The House on Haunted Mountain: A Look inside the Haunted Hotel at Funtown Mountain in Cave City

Take a spooky tour through one of the oldest standing haunted attractions in the country!

I remember summer family trips to Mammoth Cave as a kid, riding in the back of my father’s sky blue station wagon, cruising through Cave City on our way to the longest known cave system in the world. You can’t get to Mammoth Cave without passing Guntown Mountain, and that meant only one thing to me at the time.

Terror and fascination.

Glaring down at me from the top of the hill near the Guntown Mountain Gift Shop, with its sinister eyes fixed upon my very soul, sat that ramshackle house of nightmares we now call the Haunted Hotel. From the tailgate window I could see Charmin’ Charles in the front window tickling the ivories with his bony fingers as spooky music drifted all the way down to the highway.

Please, dad,” I begged, “I want to see the haunted house! Can we?

Unfortunately, a visit to Charmin’ Charles’ house was never on the family vacation schedule. Under my father’s breath I heard completely unreasonable terms like “rip-off” and “waste of money,” and I had to make do with being spooked by the bats in Mammoth Cave.

Years later, while attending Western Kentucky University, I would drive back and forth from Louisville to Bowling Green, and each time I passed the myriad of lurid roadside attraction signs in Cave City I could feel the gaze of those glaring eyes burning the hairs on the back of my neck, beckoning me to stop. During the school year however, the Haunted Hotel was always closed and I never got a chance to satisfy my childhood curiosity with a peek inside those dark and winding passageways.

Finally, thanks to the vision of local businessman and dreamer, Will Russell, and his project in the works to reopen, restore and rebrand the defunct roadside attraction park as Funtown Mountain, the Haunted Hotel’s doors are open to the public again, and this historic haunted walk-thru remains mostly unchanged since it opened nearly 45 years ago.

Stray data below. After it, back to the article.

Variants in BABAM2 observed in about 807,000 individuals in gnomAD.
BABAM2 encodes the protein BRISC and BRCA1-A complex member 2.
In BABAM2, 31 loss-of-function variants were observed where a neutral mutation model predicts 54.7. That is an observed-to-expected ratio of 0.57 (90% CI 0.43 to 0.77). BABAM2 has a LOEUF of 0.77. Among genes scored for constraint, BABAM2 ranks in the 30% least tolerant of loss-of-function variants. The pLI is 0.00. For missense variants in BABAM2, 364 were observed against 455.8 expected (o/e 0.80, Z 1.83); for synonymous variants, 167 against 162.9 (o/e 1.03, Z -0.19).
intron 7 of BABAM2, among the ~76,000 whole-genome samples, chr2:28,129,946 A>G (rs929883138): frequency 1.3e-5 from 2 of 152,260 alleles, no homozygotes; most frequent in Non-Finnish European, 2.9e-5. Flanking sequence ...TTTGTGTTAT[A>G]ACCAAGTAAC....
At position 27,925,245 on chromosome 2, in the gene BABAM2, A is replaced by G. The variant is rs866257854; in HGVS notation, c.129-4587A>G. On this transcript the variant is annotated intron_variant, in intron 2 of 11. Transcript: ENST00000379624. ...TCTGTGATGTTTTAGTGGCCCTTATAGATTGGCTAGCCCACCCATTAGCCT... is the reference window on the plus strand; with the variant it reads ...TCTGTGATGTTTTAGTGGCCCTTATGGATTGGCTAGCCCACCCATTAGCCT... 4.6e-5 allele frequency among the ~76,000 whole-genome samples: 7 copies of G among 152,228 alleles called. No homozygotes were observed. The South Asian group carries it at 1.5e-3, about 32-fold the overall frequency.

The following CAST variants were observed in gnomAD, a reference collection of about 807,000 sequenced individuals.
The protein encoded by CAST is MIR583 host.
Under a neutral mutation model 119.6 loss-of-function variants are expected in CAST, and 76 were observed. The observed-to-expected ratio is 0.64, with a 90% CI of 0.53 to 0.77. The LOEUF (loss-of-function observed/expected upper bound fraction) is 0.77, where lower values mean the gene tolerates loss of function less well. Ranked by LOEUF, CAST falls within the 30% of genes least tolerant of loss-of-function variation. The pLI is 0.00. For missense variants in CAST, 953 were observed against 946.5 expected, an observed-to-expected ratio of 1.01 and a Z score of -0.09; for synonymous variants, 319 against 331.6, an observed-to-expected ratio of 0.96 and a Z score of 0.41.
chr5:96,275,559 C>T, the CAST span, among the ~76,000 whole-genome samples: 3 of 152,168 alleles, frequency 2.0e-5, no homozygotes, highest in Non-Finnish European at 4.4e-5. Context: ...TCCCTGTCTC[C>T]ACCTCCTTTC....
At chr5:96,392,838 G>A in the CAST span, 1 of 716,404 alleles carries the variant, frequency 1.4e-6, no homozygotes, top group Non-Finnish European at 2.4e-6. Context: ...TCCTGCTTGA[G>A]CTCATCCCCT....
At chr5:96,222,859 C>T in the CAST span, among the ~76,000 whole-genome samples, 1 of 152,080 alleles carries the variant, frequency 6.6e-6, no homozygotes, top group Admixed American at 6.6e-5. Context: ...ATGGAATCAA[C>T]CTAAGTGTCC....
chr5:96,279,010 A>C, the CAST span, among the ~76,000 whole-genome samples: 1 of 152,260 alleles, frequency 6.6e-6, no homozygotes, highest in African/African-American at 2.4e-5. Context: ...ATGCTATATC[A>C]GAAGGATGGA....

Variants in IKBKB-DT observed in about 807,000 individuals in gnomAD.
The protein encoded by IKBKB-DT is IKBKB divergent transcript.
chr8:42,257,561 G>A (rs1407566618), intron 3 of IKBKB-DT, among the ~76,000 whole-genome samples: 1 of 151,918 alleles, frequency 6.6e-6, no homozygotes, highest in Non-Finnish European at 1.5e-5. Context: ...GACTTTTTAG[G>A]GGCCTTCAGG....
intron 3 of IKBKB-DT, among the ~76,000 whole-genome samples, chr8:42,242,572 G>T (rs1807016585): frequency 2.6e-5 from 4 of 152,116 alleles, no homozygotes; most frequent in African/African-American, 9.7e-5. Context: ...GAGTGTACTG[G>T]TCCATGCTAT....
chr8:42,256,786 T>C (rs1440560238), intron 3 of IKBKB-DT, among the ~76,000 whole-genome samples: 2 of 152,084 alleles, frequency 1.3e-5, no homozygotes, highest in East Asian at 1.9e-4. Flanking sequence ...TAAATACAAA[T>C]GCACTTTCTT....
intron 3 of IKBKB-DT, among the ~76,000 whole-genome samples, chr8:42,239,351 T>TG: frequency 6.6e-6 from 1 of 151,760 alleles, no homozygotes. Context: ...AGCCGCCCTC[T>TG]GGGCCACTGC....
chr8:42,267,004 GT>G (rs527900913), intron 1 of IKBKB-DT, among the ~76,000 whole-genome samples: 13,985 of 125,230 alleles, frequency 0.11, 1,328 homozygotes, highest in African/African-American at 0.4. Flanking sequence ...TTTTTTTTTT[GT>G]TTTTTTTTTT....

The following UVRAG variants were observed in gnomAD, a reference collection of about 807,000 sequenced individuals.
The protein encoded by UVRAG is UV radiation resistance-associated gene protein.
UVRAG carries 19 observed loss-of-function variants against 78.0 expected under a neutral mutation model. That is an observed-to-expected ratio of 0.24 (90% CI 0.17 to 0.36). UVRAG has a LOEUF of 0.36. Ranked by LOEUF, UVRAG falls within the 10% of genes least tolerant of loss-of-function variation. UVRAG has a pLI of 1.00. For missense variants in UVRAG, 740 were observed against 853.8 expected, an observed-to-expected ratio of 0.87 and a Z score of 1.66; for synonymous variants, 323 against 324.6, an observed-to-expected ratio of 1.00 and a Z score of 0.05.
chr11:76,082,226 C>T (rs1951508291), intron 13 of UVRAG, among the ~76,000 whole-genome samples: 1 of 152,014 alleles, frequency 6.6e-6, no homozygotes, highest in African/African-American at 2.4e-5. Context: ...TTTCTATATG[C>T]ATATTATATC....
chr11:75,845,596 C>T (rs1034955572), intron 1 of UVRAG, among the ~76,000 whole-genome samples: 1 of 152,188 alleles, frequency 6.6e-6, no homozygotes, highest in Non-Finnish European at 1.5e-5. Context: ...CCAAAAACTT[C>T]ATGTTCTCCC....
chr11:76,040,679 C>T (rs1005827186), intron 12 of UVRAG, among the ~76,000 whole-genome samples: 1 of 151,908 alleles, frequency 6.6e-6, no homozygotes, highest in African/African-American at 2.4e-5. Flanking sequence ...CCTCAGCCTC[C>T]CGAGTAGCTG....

Designed and built in 1972 by a dark ride and funhouse props manufacturing company called Funni-Frite, the Haunted Hotel is the only still standing Funni-Frite attraction in the world, and it’s also one of the oldest walk-thru haunted attractions in America.

Although many of the props and scare gags inside have been moved and/or modified since they were first installed half a century ago, most of them still use the original Funni-Frite parts that were built into the attraction in 1972. The twisting, turning, disorienting maze in the dark remains pretty much unchanged by time.

The Haunted Hotel is like a time machine back to the glorious Halloweens of 1960’s and 1970’s. It’s a two-story piece of carnival/roadside attraction history frozen in time. It’s creepy and creaky, showing every year of its age through decades of screams and smiles and nervous laughter.